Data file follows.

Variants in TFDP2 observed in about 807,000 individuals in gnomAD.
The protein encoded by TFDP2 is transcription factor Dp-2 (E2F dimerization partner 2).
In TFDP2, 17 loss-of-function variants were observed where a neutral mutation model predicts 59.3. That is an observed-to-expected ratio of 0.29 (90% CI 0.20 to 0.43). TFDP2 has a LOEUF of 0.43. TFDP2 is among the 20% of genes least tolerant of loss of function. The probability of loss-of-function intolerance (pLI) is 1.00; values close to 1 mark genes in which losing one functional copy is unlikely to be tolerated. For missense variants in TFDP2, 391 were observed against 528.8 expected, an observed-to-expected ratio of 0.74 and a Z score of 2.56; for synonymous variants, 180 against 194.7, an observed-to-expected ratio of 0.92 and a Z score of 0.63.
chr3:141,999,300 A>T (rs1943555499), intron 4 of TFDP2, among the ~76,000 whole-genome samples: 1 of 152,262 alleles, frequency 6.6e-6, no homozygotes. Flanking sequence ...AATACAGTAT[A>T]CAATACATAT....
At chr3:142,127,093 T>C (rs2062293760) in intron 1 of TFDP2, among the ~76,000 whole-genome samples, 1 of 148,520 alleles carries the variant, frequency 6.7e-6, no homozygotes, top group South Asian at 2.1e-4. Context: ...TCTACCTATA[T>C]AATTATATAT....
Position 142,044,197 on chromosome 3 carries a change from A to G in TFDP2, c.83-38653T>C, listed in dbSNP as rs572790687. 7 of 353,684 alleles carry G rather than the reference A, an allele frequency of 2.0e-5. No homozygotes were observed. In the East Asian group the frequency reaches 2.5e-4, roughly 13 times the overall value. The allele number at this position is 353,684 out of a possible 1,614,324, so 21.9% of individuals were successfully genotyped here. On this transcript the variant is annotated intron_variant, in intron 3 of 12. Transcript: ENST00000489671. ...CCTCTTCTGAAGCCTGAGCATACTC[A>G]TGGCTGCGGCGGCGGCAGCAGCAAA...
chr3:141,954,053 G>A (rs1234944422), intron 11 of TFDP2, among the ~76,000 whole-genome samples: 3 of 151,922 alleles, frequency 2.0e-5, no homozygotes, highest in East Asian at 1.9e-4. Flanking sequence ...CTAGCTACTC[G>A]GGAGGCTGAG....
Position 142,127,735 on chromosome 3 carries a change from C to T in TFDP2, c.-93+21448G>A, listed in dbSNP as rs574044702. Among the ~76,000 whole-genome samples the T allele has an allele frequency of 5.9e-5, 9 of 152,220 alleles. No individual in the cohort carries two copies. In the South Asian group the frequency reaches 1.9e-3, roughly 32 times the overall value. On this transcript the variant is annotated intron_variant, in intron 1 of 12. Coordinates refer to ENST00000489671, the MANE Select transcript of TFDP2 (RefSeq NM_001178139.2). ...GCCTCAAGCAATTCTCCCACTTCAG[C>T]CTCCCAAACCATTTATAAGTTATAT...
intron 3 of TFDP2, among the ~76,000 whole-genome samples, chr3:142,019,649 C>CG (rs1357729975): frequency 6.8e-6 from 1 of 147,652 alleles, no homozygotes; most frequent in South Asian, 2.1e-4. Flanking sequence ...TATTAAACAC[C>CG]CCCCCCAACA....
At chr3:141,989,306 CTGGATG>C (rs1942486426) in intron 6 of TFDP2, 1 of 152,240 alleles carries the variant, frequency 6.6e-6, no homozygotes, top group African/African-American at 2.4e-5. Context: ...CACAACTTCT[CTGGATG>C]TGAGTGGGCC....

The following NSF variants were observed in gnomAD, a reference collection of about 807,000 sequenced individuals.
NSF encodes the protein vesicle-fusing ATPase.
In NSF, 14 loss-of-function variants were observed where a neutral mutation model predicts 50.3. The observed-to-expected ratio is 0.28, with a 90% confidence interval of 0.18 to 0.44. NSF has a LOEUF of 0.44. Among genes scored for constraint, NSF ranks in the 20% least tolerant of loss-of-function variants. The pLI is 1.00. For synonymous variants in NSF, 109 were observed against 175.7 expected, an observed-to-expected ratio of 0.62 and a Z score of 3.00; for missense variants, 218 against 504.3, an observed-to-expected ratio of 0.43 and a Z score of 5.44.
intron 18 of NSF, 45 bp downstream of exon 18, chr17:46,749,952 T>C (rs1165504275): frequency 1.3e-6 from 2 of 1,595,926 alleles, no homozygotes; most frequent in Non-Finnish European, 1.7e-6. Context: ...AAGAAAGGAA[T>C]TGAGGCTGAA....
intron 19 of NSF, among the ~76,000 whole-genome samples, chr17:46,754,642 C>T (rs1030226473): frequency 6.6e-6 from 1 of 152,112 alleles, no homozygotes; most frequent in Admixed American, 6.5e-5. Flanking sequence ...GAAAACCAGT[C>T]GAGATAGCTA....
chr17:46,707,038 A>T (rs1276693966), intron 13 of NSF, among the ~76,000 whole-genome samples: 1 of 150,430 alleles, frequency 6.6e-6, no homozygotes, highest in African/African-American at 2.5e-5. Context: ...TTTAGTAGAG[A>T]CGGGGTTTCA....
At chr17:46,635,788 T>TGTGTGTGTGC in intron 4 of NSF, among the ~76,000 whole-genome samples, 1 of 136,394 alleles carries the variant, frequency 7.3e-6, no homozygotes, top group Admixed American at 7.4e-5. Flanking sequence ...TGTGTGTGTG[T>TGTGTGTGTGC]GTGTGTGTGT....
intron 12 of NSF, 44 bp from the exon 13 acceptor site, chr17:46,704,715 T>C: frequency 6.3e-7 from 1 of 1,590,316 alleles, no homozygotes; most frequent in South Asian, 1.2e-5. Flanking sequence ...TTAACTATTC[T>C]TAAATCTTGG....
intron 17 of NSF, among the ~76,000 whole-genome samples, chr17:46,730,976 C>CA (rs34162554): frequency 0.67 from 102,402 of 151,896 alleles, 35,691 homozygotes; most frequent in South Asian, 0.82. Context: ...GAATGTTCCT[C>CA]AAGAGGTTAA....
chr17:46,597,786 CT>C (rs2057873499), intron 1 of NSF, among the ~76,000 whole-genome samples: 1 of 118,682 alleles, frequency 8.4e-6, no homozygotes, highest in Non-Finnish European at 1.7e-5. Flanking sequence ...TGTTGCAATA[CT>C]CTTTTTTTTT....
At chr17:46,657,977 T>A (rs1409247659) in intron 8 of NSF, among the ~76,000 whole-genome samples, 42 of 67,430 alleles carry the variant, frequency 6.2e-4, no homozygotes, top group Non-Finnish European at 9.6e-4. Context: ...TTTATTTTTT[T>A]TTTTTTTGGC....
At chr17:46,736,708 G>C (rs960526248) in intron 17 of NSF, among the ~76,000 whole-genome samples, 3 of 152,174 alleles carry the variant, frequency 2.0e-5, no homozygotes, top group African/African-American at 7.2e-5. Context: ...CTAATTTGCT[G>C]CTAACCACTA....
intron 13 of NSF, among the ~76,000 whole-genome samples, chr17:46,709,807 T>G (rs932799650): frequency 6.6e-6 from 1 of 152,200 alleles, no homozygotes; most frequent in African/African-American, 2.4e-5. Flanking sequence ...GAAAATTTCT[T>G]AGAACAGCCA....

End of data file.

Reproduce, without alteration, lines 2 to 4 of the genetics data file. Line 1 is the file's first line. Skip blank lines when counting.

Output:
The protein encoded by TFDP2 is transcription factor Dp-2 (E2F dimerization partner 2).
In TFDP2, 17 loss-of-function variants were observed where a neutral mutation model predicts 59.3. That is an observed-to-expected ratio of 0.29 (90% CI 0.20 to 0.43). TFDP2 has a LOEUF of 0.43. TFDP2 is among the 20% of genes least tolerant of loss of function. The probability of loss-of-function intolerance (pLI) is 1.00; values close to 1 mark genes in which losing one functional copy is unlikely to be tolerated. For missense variants in TFDP2, 391 were observed against 528.8 expected, an observed-to-expected ratio of 0.74 and a Z score of 2.56; for synonymous variants, 180 against 194.7, an observed-to-expected ratio of 0.92 and a Z score of 0.63.
chr3:141,999,300 A>T (rs1943555499), intron 4 of TFDP2, among the ~76,000 whole-genome samples: 1 of 152,262 alleles, frequency 6.6e-6, no homozygotes. Flanking sequence ...AATACAGTAT[A>T]CAATACATAT....